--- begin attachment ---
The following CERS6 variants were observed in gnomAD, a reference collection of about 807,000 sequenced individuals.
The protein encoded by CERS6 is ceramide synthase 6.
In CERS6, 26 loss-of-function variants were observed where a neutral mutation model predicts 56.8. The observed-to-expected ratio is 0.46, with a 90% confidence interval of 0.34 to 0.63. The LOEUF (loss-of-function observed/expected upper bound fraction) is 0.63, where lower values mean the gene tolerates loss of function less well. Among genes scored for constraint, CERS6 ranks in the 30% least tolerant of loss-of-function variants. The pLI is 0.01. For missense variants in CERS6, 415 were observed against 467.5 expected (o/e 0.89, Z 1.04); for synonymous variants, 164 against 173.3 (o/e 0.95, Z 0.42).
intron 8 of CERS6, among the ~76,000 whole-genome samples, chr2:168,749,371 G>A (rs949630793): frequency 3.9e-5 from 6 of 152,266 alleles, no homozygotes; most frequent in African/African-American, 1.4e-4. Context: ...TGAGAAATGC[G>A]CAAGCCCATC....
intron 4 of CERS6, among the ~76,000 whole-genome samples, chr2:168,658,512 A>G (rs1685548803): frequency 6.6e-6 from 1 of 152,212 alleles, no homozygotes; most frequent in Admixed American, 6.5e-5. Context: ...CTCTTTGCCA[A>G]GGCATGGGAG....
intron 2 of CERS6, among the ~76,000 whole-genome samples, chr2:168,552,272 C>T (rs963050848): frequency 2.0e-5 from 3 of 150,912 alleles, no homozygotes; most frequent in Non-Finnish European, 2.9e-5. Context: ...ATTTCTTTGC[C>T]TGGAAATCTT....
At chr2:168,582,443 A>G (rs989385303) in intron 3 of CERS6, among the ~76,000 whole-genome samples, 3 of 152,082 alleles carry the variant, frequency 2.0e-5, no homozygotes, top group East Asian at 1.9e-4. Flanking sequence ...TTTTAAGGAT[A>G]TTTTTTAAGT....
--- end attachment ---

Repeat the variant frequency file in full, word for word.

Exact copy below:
The following CERS6 variants were observed in gnomAD, a reference collection of about 807,000 sequenced individuals.
The protein encoded by CERS6 is ceramide synthase 6.
In CERS6, 26 loss-of-function variants were observed where a neutral mutation model predicts 56.8. The observed-to-expected ratio is 0.46, with a 90% confidence interval of 0.34 to 0.63. The LOEUF (loss-of-function observed/expected upper bound fraction) is 0.63, where lower values mean the gene tolerates loss of function less well. Among genes scored for constraint, CERS6 ranks in the 30% least tolerant of loss-of-function variants. The pLI is 0.01. For missense variants in CERS6, 415 were observed against 467.5 expected (o/e 0.89, Z 1.04); for synonymous variants, 164 against 173.3 (o/e 0.95, Z 0.42).
intron 8 of CERS6, among the ~76,000 whole-genome samples, chr2:168,749,371 G>A (rs949630793): frequency 3.9e-5 from 6 of 152,266 alleles, no homozygotes; most frequent in African/African-American, 1.4e-4. Context: ...TGAGAAATGC[G>A]CAAGCCCATC....
intron 4 of CERS6, among the ~76,000 whole-genome samples, chr2:168,658,512 A>G (rs1685548803): frequency 6.6e-6 from 1 of 152,212 alleles, no homozygotes; most frequent in Admixed American, 6.5e-5. Context: ...CTCTTTGCCA[A>G]GGCATGGGAG....
intron 2 of CERS6, among the ~76,000 whole-genome samples, chr2:168,552,272 C>T (rs963050848): frequency 2.0e-5 from 3 of 150,912 alleles, no homozygotes; most frequent in Non-Finnish European, 2.9e-5. Context: ...ATTTCTTTGC[C>T]TGGAAATCTT....
At chr2:168,582,443 A>G (rs989385303) in intron 3 of CERS6, among the ~76,000 whole-genome samples, 3 of 152,082 alleles carry the variant, frequency 2.0e-5, no homozygotes, top group East Asian at 1.9e-4. Flanking sequence ...TTTTAAGGAT[A>G]TTTTTTAAGT....